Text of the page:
Make sure everyone has the chance to bail out and regroup if they need to, but give them a chance to be the focal point at all times in combat. Sure all the characters combined are a party that needs to work together, but being a party shouldn’t steal their individualism as characters. The line is quite thin, but making sure that a character both feels capable and under powered on their own is difficult, but I find that when it’s done right it makes for some very memorable moments.
LESS FREQUENT & MORE INTERESTING COMBAT SCENARIOS
This final point also builds on the previous one, but it’s important enough to be its own thing. There is nothing less interesting than opening a door to a small room, rolling initiative, beating the bad guys, then opening another door a few minutes later to do it all over again. It’s tedious and makes battle feel more like a chore than an opportunity for fun. I think combat scenarios should be bigger than just combat in general, which is confusing at first, but let me explain.
So you’ve got your big open mine where a bunch of goblins hang out. There are various natural ramps along the walls allowing for miners to reach new areas, there’s a mine cart track and a large molten lava pit in the center that’s used for smelting. We’ve got ourselves a big open combat scenario right there, but the party is bunched up together as they entered the room and don’t really have a reason to split up. That’s why you need to give them a reason.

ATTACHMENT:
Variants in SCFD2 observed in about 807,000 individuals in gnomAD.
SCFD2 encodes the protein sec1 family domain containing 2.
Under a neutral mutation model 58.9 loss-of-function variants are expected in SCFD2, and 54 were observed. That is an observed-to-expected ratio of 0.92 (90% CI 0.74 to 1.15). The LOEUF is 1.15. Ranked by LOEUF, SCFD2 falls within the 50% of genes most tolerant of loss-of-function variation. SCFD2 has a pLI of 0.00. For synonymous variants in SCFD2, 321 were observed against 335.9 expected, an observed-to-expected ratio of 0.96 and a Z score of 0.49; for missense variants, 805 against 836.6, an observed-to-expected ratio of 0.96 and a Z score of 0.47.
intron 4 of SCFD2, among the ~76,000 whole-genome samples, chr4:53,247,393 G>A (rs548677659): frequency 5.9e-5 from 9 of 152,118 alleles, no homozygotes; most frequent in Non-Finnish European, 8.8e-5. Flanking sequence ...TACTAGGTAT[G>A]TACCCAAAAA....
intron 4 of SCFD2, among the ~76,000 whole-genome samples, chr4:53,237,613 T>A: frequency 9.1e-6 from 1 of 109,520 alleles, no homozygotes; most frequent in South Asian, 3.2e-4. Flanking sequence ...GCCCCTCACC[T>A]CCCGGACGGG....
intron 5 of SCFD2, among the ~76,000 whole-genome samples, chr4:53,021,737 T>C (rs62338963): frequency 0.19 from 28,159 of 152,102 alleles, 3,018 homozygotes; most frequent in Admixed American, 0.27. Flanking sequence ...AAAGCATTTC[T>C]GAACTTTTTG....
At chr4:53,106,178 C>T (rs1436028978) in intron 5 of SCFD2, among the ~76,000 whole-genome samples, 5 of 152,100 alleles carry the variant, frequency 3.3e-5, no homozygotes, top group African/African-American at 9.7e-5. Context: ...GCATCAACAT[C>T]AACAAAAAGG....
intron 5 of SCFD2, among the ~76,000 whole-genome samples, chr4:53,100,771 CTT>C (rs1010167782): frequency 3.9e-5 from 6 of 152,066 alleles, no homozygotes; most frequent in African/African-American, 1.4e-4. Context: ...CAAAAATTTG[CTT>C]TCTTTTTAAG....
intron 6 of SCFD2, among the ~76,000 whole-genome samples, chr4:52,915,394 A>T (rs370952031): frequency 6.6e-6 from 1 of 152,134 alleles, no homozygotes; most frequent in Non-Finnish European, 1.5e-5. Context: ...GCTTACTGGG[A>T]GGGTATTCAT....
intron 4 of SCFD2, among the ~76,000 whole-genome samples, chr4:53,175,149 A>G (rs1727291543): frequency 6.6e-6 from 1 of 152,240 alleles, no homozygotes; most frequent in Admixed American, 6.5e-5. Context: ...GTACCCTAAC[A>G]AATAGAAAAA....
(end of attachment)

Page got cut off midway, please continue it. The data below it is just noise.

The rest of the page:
Adding multiple objectives to combat scenarios beyond just killing everything is key. Have the players take a look around and find that there are half a dozen detonator plungers with wires leading off of them in various directions. If you visually track those wires, you can see a few of them are attached to explosive charges that are crammed into cracks in the walls. Also, this mine is right below a village of unsuspecting innocent people! Oh no! Now the party has to survive and accomplish a goal to truly be victorious.
But you need to have a contingency plan for when your players just try mage hand the wires off the explosives or something. Maybe some goblins with fire arrows will show up to detonate the charges themselves, or some fire elemental gets summoned to do it. Maybe the goblins are protected by a massive troll who is going to run interference for the party, thus emboldening the slinkier and more nimble characters to go and deal with the charges while the tankier classes try to push the troll into the lava.